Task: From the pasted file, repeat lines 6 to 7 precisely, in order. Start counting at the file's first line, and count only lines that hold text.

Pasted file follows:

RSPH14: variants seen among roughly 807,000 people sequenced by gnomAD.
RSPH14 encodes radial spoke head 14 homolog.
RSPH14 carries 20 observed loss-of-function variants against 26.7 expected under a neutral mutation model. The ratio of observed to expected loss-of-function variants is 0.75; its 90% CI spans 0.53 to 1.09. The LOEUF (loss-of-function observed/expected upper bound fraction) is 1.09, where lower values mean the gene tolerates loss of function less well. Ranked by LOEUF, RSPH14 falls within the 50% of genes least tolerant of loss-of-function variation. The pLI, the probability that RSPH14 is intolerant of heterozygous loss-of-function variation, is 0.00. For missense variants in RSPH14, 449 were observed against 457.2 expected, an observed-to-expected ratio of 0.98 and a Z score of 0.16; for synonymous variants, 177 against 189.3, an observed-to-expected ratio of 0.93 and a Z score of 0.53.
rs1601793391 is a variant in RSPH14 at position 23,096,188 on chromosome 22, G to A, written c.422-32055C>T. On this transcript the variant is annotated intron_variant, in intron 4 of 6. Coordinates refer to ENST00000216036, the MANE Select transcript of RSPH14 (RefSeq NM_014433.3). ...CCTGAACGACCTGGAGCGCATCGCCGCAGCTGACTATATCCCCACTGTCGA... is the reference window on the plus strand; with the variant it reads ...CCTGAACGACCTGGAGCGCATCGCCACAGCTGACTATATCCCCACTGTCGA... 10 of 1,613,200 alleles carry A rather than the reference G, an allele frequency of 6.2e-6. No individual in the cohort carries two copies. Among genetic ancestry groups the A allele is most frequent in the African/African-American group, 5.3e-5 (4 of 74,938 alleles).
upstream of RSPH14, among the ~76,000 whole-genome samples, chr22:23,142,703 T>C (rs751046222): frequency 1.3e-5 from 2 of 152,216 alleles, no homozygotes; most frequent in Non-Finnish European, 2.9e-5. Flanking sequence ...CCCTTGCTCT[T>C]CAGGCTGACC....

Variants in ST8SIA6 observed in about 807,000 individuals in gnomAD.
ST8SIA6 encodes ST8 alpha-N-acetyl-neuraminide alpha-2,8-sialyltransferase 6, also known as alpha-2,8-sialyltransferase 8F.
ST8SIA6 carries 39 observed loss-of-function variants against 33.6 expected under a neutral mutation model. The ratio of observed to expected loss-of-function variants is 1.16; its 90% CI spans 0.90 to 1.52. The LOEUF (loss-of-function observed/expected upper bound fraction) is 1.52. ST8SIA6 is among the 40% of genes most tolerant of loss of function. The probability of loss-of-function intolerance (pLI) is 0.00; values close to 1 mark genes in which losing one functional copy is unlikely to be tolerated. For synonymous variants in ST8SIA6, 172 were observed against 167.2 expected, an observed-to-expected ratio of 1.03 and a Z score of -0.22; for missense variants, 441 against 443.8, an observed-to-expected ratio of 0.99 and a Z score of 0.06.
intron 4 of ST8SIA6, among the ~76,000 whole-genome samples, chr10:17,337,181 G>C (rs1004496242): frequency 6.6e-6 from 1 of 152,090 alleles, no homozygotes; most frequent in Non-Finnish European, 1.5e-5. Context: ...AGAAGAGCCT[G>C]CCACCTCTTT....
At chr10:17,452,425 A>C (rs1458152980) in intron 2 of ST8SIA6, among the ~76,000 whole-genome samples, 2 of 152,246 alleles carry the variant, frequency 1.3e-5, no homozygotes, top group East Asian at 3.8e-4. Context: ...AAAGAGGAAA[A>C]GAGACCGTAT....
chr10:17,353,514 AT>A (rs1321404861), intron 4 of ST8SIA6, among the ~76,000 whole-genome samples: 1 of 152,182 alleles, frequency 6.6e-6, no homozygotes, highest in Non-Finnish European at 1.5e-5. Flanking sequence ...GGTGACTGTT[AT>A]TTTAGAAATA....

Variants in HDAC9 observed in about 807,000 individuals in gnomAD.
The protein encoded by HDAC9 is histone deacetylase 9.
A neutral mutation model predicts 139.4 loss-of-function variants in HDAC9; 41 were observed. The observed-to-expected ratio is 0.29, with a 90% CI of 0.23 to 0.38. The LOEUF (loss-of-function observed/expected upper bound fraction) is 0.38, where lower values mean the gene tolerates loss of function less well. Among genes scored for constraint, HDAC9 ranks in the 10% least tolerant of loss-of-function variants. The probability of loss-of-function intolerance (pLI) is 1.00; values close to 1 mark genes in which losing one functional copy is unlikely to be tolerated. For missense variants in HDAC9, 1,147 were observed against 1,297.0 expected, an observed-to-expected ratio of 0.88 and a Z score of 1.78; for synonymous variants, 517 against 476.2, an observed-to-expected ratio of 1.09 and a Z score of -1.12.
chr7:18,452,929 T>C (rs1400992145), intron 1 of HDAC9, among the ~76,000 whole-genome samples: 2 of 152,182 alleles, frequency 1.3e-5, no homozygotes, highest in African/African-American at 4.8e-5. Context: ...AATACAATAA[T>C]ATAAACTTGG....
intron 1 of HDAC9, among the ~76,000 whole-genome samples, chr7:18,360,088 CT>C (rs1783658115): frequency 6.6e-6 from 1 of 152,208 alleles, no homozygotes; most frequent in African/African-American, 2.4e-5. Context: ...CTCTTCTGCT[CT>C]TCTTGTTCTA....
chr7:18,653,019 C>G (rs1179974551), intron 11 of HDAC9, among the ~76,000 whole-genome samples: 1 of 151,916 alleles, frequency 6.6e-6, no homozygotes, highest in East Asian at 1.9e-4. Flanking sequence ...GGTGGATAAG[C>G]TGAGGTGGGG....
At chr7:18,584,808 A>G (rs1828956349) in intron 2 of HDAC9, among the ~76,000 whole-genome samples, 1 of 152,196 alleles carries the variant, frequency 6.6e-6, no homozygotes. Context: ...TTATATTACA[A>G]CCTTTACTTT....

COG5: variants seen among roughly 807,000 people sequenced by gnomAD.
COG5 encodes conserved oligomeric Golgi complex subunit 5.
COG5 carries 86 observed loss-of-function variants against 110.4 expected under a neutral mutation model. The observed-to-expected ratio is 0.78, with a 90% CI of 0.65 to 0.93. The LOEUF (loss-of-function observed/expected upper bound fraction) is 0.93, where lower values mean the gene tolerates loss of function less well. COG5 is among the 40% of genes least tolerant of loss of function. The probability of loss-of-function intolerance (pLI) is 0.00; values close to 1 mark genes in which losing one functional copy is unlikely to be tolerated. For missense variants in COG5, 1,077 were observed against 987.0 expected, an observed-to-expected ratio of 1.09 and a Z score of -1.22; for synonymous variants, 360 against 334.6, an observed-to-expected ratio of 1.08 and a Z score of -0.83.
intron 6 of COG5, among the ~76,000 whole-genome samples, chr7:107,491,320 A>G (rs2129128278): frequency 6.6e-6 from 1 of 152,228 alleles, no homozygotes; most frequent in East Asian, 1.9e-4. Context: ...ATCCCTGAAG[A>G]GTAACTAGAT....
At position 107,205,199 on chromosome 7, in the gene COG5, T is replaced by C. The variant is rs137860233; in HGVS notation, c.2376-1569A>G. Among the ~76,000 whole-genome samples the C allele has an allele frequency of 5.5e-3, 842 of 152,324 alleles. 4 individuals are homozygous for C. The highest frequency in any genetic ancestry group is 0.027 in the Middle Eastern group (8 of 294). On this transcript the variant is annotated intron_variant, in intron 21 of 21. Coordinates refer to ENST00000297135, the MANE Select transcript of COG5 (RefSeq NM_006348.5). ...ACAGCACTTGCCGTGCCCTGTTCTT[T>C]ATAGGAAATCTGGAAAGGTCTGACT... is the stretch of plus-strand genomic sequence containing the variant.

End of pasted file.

Variants in ST8SIA6 observed in about 807,000 individuals in gnomAD.
ST8SIA6 encodes ST8 alpha-N-acetyl-neuraminide alpha-2,8-sialyltransferase 6, also known as alpha-2,8-sialyltransferase 8F.